16. The Invisible Bridge - "A grand love story and an epic tale of three brothers whose lives are torn apart by war." Again with the war? I supposed war provides a rich backdrop for a novel, but good grief! Not adding this one.

17. The Help - Read it and loved it. Saw the movie and liked it, too.

18. Patron Saint of Liars - Story of an unwed mother in the 1960s. This one is already on my list.

19. Will Grayson, Will Grayson - Story of two people in the same city named Will Grayson. This one is on my list already. Strat tried to read it earlier this year and proclaimed it too weird to finish. I will keep it on my list, but not be in a huge hurry about reading it.

20. Reading Like a Writer - No thanks. I'd rather read like a reader.

And there you have it! The second 10 books on the Amazon Book List. Summary:
  • Read 1
  • Already had 3 on my list
  • Added 1 to my list
  • Not interested in 5 of them

Friday, August 12, 2011

The Magicians by Lev Grossman

Quentin Coldwater is brilliant but miserable. He’s a senior in high school, and a certifiable genius, but he’s still secretly obsessed with a series of fantasy novels he read as a kid, about the adventures of five children in a magical land called Fillory. Compared to that, anything in his real life just seems gray and colorless.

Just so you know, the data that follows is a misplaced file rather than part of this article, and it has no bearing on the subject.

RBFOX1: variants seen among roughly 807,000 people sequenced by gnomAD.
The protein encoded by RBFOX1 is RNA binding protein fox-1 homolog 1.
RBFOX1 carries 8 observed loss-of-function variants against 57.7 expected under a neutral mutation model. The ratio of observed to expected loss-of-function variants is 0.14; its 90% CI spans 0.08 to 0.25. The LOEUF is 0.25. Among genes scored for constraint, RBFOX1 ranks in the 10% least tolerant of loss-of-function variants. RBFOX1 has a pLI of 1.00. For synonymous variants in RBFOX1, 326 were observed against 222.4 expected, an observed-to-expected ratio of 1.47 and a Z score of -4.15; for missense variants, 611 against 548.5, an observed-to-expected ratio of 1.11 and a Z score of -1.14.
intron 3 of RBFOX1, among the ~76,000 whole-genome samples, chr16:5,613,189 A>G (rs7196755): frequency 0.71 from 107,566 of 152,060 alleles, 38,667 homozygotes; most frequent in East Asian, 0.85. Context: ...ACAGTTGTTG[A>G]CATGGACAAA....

Everything changes when Quentin finds himself unexpectedly admitted to a very secret, very exclusive college of magic in upstate New York, where he receives a thorough and rigorous education in the practice of modern sorcery. He also discovers all the other things people learn in college: friendship, love, sex, booze, and boredom. But something is still missing. Magic doesn’t bring Quentin the happiness and adventure he thought it would.
Then after graduation he and his friends make a stunning discovery: Fillory is real.

My take:
2 stars
I must say that I am glad this one is over, and have no plans to read more by this author. I thought it was a shameless rip off of Harry Potter, Narnia and the Chrestomanci series. I was so very happy not to see a vampire, but I would not have been the least surprised. Grossman seemed to be giving a nod when making sly references to uniforms and Quidditch, but I found it to be less a wink-and-a-nod than a subtle flipping off of the middle finger.

Some unbelievable praise:

Lev Grossman's novel The Magicians may just be the most subversive, gripping and enchanting fantasy novel I've read this century.”
—Cory Doctorow, Boing Boing
Answer: Poor Cory. Go to the library more often.

The Magicians is the best urban fantasy in years.”
The Onion AV Club
Answer: The Onion is a satirical site, after all.